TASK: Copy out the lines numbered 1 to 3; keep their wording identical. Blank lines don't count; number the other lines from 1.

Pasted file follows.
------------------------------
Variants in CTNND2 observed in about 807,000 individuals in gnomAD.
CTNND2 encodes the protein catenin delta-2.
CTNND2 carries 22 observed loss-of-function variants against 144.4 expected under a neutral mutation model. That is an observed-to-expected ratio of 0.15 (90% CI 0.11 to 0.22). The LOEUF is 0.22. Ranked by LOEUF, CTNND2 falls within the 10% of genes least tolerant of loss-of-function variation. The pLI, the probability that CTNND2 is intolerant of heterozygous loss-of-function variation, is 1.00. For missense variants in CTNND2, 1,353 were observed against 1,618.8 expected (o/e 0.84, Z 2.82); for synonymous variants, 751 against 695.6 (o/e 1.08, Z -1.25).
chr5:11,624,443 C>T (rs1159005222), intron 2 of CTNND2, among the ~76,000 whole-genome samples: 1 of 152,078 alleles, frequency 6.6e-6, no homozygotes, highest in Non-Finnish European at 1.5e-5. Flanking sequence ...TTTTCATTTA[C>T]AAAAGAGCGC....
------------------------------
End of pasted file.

Variants in CTNND2 observed in about 807,000 individuals in gnomAD.
CTNND2 encodes the protein catenin delta-2.
CTNND2 carries 22 observed loss-of-function variants against 144.4 expected under a neutral mutation model. That is an observed-to-expected ratio of 0.15 (90% CI 0.11 to 0.22). The LOEUF is 0.22. Ranked by LOEUF, CTNND2 falls within the 10% of genes least tolerant of loss-of-function variation. The pLI, the probability that CTNND2 is intolerant of heterozygous loss-of-function variation, is 1.00. For missense variants in CTNND2, 1,353 were observed against 1,618.8 expected (o/e 0.84, Z 2.82); for synonymous variants, 751 against 695.6 (o/e 1.08, Z -1.25).